G22.2590 – Natural Language Processing – Spring 2005

The final exam

• Worth 30 points towards final grade
• Given Monday, May 9th, 2005, 5:00 – 6:50 (usual class day, time, place)
• Open book and notes (you will need your book!).  If you have a simple calculator, that may also be helpful if we have a question on HMM or PCFG probabilities.
• Five to seven questions

The questions will be taken from the following list of question types. Most of these correspond directly to questions asked  for homework. I may also ask one or two short (1-blue-book-page) essay questions about the issues we have discussed in the lectures.

1. English sentence structure: Label the constituents (NP, VP, PP, etc.) of an English sentence based on the grammar given in Chapter #9 (and summarized in the handout for homework #2). If the sentence is ambiguous, show its multiple parses. If the sentence violates some grammatical constraint, describe the constraint. (homework #2).
2. Context-free grammar: Extend the context-free grammar to cover an additional construct, or to capture a grammatical constraint. (homework #2).
3. Parsing: Given a very small context-free grammar, to step through the operation, or count the number of operations performed by a top-down backtracking parser, a bottom-up parser, or a chart parser (homework #3).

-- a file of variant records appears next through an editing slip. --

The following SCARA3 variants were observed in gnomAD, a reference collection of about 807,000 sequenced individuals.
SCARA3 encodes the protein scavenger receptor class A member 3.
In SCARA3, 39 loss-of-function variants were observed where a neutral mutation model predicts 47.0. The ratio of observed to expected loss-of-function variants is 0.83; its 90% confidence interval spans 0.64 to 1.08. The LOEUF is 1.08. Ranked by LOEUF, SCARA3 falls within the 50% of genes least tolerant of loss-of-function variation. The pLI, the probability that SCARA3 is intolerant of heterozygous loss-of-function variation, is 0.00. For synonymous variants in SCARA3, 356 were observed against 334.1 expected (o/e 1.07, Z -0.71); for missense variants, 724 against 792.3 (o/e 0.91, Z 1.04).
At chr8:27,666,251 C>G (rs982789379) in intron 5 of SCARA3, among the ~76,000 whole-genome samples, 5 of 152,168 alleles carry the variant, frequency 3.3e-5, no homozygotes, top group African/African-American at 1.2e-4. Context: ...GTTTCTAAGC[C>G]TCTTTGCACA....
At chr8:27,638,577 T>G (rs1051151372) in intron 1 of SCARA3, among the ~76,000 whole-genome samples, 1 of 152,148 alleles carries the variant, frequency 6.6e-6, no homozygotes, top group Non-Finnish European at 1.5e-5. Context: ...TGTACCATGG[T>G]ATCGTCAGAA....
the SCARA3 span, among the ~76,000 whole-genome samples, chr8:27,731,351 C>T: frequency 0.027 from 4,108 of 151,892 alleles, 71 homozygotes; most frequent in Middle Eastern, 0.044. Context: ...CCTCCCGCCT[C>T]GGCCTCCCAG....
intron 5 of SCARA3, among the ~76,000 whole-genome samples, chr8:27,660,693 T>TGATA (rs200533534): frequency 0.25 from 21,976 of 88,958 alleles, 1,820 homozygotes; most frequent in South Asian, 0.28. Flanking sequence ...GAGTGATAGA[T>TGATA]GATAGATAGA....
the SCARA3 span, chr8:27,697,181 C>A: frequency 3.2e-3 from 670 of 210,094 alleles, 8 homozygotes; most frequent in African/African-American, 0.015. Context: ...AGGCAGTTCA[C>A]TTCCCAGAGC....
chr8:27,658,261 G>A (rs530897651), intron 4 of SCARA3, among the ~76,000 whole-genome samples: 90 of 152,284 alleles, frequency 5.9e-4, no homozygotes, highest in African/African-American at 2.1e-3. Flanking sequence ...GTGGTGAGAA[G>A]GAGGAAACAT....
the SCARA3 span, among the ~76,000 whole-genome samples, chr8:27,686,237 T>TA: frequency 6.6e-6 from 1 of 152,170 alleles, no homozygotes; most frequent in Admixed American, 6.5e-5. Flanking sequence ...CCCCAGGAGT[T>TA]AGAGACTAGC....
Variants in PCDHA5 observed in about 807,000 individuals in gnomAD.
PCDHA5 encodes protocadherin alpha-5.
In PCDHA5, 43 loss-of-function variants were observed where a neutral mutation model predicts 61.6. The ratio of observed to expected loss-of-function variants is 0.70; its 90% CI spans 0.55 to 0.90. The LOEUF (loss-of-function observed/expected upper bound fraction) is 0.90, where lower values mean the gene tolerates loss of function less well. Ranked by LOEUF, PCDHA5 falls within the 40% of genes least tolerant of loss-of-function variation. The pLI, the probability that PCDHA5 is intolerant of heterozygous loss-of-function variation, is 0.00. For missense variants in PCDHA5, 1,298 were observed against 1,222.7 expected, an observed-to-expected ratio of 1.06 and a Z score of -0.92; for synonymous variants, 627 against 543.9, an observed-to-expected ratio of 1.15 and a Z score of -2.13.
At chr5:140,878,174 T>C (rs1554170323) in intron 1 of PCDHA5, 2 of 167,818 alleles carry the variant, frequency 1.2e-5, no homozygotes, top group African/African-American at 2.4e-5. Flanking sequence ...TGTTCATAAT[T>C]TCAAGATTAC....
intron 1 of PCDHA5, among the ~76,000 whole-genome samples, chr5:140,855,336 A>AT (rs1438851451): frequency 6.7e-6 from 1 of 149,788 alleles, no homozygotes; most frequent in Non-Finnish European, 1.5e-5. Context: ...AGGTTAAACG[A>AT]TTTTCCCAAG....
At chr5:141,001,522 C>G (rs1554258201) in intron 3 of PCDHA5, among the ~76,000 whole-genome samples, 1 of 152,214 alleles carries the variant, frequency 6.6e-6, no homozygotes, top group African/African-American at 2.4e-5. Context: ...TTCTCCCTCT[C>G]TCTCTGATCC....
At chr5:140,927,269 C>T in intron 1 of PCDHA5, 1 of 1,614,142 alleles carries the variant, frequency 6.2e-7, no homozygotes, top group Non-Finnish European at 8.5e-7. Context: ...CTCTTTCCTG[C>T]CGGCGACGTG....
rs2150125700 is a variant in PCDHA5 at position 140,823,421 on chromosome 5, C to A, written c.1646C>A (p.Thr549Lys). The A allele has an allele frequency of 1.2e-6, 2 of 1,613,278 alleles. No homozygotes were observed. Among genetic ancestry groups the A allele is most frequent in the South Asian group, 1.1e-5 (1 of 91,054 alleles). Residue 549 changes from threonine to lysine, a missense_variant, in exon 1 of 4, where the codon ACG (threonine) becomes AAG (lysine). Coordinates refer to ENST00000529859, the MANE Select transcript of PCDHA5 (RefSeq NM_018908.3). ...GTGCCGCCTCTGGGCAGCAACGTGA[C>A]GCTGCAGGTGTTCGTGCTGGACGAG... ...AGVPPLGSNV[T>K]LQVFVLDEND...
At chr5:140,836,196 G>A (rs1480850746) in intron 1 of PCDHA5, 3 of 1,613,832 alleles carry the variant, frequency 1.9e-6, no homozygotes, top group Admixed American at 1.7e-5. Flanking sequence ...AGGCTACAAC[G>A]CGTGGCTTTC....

4. POS tagging: Tag a sentence using the Penn POS tags (homework #3).
5. HMMs and the Viterbi decoder: Describe how POS tagging can be performed using a probabilistic model (J&M sec. 8.5; lecture 4 notes). Create an HMM from some POS-tagged training data. Trace the operation of a Viterbi decoder. Compute the likelihood of a given tag sequence and the likelihood of generating a given sentence from an HMM (homework #4).
6. Feature grammar: Augment a context-free grammar using the feature formalism of J&M 11.3 to capture a grammatical constraint (homework #5).
7. Chunkers and name taggers.  Explain how BIO tags can be used to reduce chunking or name identification to a token-tagging task.  Explain how chunking can be evaluated. (lecture #7)
8. Probabilistic CFG: Train a probabilistic CFG from some parses; apply this PCFG to disambiguate a sentence. Explain how this PCFG can be extended to capture lexical information.  Compute lexically-conditioned probabilities.  (homework #9)
9. Logical form: write the logical form of an English sentence, with or without event reification (homework #10).
10. Semantic interpretation: Draw a tree for a sentence using J&M’s Chap. 15 grammar with semantic features. Add a rule to this grammar. (Lecture #11).
11. Jet: be able to extend, or trace the operation, of one of the Jet pattern sets we have distributed and discussed (for noun and verb groups, and for appointment events).